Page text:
A fiduciary relationship exists when a person (the ‘fiduciary’) is in a position of significant trust and confidence over another. The fiduciary relationship arises in circumstances where the fiduciary is required to place the other person’s interests before their own. The trustee-beneficiary relationship is one of the prime examples of a fiduciary relationship.

There are also many other circumstances where a fiduciary relationship exists.

The factors that indicate that a fiduciary relationship exists include:

  • Trust and confidence placed in a person;
  • An undertaking by that person to act on behalf of another;
  • The other person is vulnerable as a result; and
  • There is an inequality in bargaining power between the two parties.

A fiduciary such as a trustee will owe the beneficiary certain obligations. These include:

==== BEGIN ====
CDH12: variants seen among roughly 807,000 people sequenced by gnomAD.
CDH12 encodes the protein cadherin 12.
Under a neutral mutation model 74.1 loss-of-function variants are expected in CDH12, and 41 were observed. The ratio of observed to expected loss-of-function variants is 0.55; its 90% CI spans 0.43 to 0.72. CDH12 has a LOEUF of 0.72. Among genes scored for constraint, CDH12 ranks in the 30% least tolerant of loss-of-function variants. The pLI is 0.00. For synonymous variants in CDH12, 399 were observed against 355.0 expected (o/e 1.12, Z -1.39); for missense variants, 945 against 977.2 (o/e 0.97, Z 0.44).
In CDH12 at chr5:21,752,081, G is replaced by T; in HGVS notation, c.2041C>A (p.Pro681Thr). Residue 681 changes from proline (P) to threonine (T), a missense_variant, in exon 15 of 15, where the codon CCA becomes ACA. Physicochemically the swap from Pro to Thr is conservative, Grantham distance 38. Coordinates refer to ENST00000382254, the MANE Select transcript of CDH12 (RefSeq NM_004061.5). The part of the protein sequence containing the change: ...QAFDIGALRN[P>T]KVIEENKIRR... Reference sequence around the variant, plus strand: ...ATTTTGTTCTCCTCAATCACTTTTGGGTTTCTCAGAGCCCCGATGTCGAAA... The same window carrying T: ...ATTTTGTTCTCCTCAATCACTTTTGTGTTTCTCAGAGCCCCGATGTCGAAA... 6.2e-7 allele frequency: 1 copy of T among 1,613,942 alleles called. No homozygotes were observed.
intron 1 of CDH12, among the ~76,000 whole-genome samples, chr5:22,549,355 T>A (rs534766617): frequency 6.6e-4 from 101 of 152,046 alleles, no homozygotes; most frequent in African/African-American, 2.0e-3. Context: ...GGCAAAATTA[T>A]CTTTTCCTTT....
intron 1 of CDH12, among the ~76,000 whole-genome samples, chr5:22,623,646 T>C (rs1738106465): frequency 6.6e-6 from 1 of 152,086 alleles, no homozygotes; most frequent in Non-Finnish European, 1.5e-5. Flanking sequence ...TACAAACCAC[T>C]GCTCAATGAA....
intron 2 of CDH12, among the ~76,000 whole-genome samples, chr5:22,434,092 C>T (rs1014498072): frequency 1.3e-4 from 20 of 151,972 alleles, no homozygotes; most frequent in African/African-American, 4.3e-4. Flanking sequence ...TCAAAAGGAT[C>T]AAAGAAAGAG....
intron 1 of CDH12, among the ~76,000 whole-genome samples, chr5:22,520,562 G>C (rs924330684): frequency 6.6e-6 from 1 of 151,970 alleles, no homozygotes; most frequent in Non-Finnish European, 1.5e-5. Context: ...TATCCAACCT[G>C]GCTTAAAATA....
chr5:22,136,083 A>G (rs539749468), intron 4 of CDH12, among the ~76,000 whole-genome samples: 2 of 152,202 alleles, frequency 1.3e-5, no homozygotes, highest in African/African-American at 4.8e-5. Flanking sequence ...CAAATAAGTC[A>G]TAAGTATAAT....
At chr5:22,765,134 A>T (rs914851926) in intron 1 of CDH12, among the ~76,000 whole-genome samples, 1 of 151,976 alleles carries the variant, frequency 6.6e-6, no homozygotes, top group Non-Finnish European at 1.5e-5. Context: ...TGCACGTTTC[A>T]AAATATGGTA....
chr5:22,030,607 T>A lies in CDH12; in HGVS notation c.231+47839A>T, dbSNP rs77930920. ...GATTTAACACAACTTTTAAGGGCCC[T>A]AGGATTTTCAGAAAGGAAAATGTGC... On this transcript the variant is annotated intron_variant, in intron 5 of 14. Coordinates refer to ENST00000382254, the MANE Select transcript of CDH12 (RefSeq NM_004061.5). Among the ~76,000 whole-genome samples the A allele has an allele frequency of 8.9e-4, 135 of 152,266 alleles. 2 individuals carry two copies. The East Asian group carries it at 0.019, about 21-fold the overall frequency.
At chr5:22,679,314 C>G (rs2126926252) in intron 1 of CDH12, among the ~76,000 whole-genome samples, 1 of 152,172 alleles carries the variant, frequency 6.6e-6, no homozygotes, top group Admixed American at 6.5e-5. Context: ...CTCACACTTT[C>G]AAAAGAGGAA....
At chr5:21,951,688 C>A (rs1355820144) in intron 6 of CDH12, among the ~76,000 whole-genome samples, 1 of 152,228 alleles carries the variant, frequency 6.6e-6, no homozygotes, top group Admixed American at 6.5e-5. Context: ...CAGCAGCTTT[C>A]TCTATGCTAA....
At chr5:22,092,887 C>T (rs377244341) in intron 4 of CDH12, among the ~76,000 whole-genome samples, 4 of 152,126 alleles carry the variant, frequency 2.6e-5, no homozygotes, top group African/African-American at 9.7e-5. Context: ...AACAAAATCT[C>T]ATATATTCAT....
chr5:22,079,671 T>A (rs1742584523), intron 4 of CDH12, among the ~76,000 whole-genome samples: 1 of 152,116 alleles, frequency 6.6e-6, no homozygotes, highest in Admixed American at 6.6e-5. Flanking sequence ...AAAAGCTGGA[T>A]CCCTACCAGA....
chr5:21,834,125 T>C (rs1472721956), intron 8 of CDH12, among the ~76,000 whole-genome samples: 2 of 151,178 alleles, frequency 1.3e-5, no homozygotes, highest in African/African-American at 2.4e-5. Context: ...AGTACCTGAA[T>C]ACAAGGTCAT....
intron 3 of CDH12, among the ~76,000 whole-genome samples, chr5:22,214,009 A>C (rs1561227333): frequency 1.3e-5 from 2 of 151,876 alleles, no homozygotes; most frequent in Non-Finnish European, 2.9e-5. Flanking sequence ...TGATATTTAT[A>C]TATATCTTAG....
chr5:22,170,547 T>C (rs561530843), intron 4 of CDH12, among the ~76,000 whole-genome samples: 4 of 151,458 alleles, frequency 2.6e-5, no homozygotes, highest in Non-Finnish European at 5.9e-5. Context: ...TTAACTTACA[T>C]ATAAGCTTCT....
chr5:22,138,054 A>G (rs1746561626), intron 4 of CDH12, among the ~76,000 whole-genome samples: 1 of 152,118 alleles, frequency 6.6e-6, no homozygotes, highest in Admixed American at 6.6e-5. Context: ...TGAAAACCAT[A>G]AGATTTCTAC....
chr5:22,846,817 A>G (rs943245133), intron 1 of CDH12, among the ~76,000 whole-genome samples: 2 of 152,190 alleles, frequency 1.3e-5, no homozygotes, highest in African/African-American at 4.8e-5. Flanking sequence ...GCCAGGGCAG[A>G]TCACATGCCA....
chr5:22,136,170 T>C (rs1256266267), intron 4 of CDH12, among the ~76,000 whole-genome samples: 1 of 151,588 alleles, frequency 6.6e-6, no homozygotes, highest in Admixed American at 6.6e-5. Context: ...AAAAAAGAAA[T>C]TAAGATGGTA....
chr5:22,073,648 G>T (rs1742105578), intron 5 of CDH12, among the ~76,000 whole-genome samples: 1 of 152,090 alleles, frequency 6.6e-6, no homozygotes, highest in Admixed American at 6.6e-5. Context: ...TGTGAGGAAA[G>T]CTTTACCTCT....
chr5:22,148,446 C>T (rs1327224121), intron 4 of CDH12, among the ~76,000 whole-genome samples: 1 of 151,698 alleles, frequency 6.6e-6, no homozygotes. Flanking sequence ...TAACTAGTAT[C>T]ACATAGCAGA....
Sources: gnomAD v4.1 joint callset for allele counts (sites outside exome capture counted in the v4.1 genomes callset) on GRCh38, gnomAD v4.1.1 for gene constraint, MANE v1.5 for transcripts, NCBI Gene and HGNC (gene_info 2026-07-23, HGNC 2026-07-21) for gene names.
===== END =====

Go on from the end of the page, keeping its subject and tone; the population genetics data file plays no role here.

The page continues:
1. The trustee must not enter into transactions which give rise to a conflict of interest between the trustee’s personal interests and their duty owed to the beneficiary.

Example: The manager of a share portfolio must buy and sell those shares which will be of the most benefit for the trust and its beneficiaries, not just those from which the manager might earn a bigger commission.

  1. The trustee must account to the beneficiary for any improper gain obtained as a result of:
    • a conflict of interest. Such as proceeds gained by the trustee as a result of selling a car held on trust for the beneficiary; and
    • knowledge or opportunity gained as a result of their position.

What happens when there has been a breach?

A beneficiary has no legal right to trust property until the property has been legally transferred to them. However, the beneficiary has what is called an ‘equitable right’ to any property held on trust for their benefit.

This means that if a trustee has breached an obligation owed to the beneficiary, the beneficiary may commence an action in ‘equity law’ to obtain one or more of the following remedies:

  • A constructive trust – a new trust that is created when the trustee has to hold any gain they obtained as a result of the breach for the benefit of the beneficiary;
  • Account of profits – this is compensation in the amount of the money gained by the trustee as a result of the breach;